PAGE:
Well a day turned into just a few hours. I am moving over to @twisterghost and will sunset this account eventually.

Thanks to everyone who is following me now, and double thanks if you follow me again at the new account!

Gonna give it one more day but I'm thinking I might be switching over to my new instance full time.

If you'd like to keep following me, please follow me at @twisterghost

I'll be posting this a few more times as I get closer to cutting off this account, and I'll do an account redirect/migration, whatever that actually does.

@balint This is really scary. I want to believe that outlets like Itch and GoG (if not already in said players list) will continue to push a sale-based storefront. I also want to believe we'll see more bandcamp-esque own-the-sales services crop up.

Subscription entertainment is already overwhelming and underpaying, here's hoping people reject this model

Making a quesadilla for lunch and using the two-plates-around-it-to-flip-it-without-spilling-everythung method

Gonna be a good one

If I'm following you twice right now, it's because I've set up an instance elsewhere and I'm deciding if I want to make the full switch or not.

Waiting on a response from the relay server to see what that's like to help me discover stuff. Once I get that settled I'll see how search and some other features feel before deciding where to go.

Big ups to @mastohost for great service, regardless.

@ernmander Thanks for the heads up. I'll need to audit it for sure

Biting the bullet and setting up my own instance through masto.host. I'll poke at it for a bit and if I'm happy with the service, I'll be sure to be clear about how to follow me in my new space.

I considered self hosting and managing but I just don't have the bandwidth to focus on that right now.

So, watch this space I suppose. I'd like to be building more tabletop tools that follow these guidelines. The landscape is pretty just apps that are either too overbearing, require a subscription, or crusty and janky.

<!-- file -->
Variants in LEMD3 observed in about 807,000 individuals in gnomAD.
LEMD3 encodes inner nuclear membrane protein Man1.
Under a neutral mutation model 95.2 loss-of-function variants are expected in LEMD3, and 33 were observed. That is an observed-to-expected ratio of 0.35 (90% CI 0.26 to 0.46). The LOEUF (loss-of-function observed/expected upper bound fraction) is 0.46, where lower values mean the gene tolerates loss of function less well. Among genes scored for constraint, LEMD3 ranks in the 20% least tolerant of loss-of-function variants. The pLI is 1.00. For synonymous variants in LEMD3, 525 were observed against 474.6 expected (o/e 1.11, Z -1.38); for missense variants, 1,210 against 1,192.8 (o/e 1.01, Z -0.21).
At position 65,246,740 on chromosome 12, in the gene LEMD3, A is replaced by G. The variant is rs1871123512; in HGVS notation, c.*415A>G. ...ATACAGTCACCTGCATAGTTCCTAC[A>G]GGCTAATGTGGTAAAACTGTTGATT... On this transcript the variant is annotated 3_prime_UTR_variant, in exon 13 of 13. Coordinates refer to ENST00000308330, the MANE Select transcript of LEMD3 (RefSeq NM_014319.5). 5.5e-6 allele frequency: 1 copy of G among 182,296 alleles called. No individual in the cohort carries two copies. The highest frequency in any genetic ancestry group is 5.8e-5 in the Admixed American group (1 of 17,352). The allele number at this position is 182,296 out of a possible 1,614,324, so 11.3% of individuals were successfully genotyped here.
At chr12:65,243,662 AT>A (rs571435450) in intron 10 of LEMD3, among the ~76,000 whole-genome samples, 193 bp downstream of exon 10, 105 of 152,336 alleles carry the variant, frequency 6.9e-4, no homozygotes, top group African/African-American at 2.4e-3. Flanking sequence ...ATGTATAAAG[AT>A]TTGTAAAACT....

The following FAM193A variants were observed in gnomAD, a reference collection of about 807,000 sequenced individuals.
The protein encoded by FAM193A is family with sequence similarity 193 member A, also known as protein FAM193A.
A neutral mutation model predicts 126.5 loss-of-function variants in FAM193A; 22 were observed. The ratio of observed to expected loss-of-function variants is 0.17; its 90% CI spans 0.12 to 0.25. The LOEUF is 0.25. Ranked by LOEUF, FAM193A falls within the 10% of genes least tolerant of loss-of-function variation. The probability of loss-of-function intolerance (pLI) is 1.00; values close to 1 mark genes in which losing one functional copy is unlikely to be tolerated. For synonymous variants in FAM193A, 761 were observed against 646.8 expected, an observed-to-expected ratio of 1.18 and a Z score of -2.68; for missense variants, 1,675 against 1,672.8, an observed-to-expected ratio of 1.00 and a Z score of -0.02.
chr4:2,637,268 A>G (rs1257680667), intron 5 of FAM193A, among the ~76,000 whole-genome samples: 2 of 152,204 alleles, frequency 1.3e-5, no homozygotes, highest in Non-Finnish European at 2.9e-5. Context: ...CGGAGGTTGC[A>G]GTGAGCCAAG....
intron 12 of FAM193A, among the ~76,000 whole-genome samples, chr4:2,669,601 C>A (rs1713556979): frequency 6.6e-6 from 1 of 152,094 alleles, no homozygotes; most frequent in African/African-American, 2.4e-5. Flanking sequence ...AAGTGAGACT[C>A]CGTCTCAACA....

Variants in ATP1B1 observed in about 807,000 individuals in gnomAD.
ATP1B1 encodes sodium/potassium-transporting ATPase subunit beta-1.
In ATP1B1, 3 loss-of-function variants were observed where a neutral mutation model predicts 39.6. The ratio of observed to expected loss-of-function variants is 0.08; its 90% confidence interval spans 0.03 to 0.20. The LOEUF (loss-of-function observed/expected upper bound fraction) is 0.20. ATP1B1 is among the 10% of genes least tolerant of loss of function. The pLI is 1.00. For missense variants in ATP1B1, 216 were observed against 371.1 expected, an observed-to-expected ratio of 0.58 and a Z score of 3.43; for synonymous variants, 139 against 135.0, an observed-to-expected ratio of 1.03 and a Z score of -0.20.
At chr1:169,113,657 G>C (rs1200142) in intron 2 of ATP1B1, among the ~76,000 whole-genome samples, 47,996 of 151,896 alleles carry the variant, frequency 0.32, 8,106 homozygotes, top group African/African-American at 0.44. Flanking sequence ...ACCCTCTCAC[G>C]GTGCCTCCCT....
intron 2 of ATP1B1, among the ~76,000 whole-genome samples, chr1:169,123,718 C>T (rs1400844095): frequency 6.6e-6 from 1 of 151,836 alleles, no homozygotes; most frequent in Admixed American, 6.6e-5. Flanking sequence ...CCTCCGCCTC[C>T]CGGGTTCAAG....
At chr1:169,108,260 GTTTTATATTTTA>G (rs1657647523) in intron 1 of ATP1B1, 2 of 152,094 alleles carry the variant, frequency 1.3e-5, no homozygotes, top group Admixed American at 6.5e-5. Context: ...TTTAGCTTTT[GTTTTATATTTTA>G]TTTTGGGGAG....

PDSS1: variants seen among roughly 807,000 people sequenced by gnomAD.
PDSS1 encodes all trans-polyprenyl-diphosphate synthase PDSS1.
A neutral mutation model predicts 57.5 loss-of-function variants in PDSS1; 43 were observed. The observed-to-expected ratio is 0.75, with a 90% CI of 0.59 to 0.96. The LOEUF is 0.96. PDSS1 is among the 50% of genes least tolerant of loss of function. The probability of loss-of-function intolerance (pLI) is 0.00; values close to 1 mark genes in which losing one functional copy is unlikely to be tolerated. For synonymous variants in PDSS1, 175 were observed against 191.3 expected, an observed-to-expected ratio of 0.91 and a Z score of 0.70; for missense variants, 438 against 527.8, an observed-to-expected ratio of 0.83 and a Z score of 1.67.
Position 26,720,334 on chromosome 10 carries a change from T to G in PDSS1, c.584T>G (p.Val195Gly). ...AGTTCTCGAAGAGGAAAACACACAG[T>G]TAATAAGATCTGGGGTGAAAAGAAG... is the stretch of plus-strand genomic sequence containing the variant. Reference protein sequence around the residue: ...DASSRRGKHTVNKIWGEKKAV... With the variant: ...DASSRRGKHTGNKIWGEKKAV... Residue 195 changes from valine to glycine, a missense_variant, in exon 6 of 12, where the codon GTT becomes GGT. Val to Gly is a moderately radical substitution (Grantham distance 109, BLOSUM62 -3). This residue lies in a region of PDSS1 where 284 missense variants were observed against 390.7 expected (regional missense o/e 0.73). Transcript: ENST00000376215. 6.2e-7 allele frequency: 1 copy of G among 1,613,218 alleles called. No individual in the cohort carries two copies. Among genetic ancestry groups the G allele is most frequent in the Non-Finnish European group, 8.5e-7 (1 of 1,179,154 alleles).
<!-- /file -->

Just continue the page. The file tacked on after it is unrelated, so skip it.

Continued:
The goals are:

* Character/monster bank
* No login (all local data)
* Auto save state, come back whenever
* Minimal, effective, clear design
* FAST - little-to-no load time, lightweight at run time

As a DM, I just want a combat manager that does exactly what I need, and nothing more, that is available at a whim, that I can preload with entities and gives me the clear overview and organization I need, and I don't want to have to log in to something for it.

Also its just a fun project.

A little more work on my tabletop combat manager this weekend. It is still ugly as sin but it has some semblance of styling. Planning to take a real stab at the overall style later on, focusing on functionality right now.

I also moved it over to github to help with visibility. You can follow the project here if you'd like: github.com/twisterghost/combat

It is way too early to really use, but for funsies I'll be deploying nightlies to combat-manager.mjb.sh/

@jadiejadie I love these character pieces! Just subscribed on patreon and thinking about asking for a piece commissioned. Once I figure out what I'd want, whats the best way to contact you about it?